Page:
- This is Poly
Imagine waiting in your car for three hours in a trailer park hoping a source will show up who can provide you with key information for your news story.
Former Polygon editor-in-chief David Gauvey Herbert ’03 returned to share such stories about his career in investigative journalism with Poly’s current Advanced Journalism students and staff of The Polygon.
Herbert is a freelance writer who has written about crime and subcultures for New York, Esquire, and Bloomberg Businessweek. He is a two-time grant winner from the Pulitzer Center on Crisis Reporting. As a professional journalist, he has investigated NYC’s controversial lifeguard corps, cults, youth baseball’s dad-on-dad rivalry, a Porta Potty king, and more.
Advanced Journalism teacher Rachael Allen’s students had read Herbert’s piece “Boss of the Beach” for New York magazine about Peter Stein and New York City’s lifeguard corps. After introducing themselves to Herbert, the class, many of whom are Polygon staff members, settled in to listen to Herbert recall his time on The Polygon. After not being able to cajole Commons staff into serving him Beef Stroganoff with only noodles, minus the beef, he decided to write an opinion piece for the paper. Cooler heads prevailed and the op ed was toned down. But the original version ended up being laid out and was published. Fortunately the Polygon advisor went to bat for him. Ergo, “Layout is very important,” Herbert stressed to his listeners.
“I joined The Polygon in ninth grade,” Herbert said, and he was one of the students who typically stayed on until the 6:00 PM bus. This was the beginning of his journalism career, which continued on The Stanford Daily and small papers before Herbert went to Washington, D.C. to work on The Atlantic. Herbert, who lives in Brooklyn, now works as a freelance magazine writer doing three longform stories each year.
What Herbert really seems to enjoy is the whole process of coming up with a story idea and then doing all the legwork digging deep for the facts and detail that make his stories come to life. This might mean doggedly tracking down a potential source and then sitting in a car in a trailer park for three hours waiting for that person to show up to provide a few answers or tracking down social media or tax forms for information.
“How do you keep it all organized?” a student asked Herbert about his research process. He explained that he tries to anchor the story on a main protagonist. He explained that he uses index cards to lay out the story the way you might do for a film. His research may consist of “thousands of docs and piles of books.” His notes file can add up to a document of 35,000 words that will need to be whittled to 8,000 words for publication.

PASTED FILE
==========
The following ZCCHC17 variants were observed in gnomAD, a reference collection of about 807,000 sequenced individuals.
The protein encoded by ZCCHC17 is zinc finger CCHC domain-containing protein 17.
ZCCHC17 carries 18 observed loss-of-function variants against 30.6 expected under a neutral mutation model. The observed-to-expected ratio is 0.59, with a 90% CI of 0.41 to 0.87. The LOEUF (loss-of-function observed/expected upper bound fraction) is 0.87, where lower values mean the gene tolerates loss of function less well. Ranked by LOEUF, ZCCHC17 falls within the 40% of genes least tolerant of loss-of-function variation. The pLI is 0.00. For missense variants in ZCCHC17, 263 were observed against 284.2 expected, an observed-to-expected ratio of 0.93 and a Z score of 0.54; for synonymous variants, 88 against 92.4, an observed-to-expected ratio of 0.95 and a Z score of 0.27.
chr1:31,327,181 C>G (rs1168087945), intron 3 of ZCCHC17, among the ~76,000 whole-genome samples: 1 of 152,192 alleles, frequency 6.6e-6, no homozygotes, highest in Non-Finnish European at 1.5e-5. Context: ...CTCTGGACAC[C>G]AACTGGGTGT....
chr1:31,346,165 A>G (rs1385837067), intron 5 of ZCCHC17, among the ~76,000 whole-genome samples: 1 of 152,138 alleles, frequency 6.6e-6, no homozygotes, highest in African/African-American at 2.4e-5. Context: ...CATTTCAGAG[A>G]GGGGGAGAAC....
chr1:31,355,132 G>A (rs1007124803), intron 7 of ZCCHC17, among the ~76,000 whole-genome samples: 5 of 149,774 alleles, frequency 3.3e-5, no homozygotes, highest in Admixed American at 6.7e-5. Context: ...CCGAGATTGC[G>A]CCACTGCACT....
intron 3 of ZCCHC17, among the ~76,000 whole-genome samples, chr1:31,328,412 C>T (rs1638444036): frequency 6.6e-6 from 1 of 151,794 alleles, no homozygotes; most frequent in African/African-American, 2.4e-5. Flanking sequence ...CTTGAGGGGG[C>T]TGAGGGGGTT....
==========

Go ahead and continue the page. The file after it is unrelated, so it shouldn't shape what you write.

“I want it to read like a movie.”
Herbert said he has an assistant who helps him in “story generation,” but something as simple as a bike ride to the Rockaways can be the spark to ignite a story. Then Herbert is off to the races piecing together a compelling story through tireless research and investigative skills that may lead to litigation databases. “There is so much you can piece together from Instagram and Facebook,” he added. “I love the exhaustive reporting.” He told students he once flew to Florida to get a few more details from a source. Doing this can result in “more stuff than you will ever use,” he admitted, but it all adds to the detailed scenes that he creates to captivate his audience. “I want it to read like a movie.”
Herbert told the young journalists that when a source sees that a reporter is invested in the story and isn’t going to go away, that alone can “get people to go from ‘no’ to ‘yes’” as to whether they will speak with him. “Knocking on people’s doors will go a long way,” Herbert said. But in reporting on the lifeguard story and Peter Stein, Herbert said that nothing would compel Stein to speak with him.
“The idea of journalism has never been more valuable,” Herbert told the students.
Before the 4:00 PM bus departure, Herbert had time to talk to the rest of the Polygon staff in the Communications space. He recalled that when he was on the newspaper’s staff, there was no Facebook, no social media. He had to go to the back parking lot to use a payphone to call someone with questions for a story. Herbert talked with the staff about stories they are hoping to do, such as composting at Poly. He said he loved his time at Poly and made great friends. It was where his journalism career began.
Afterward, Jordan Millar ’24 said, “I would say the most useful advice he shared about becoming and being a working journalist is that you may not always find an answer to everything in your stories. There are going to be instances in which parts of a story will be unresolved, and as a journalist, you have to learn how to accept that uncertainty and make the most of it.”
“I think the most useful advice Herbert shared with me about becoming a journalist is to ‘follow the money.’” said Seanna Sankar ’24. “This was something that I hadn’t really thought about, but it could prove useful especially when you get stuck.”
“What surprised me the most,” said Thomas Iannelli ’24, “was how much research went into finding some people and information for the lifeguard story.”
Millar added, “One thing that surprised me about how he investigated and reported the lifeguard story was the fact that he didn’t actually interview Peter Stein, the story’s main subject. It was really interesting to learn that he interviewed 50 lifeguards, as well as other subjects, and could craft such a compelling story without ever talking to Peter Stein himself.”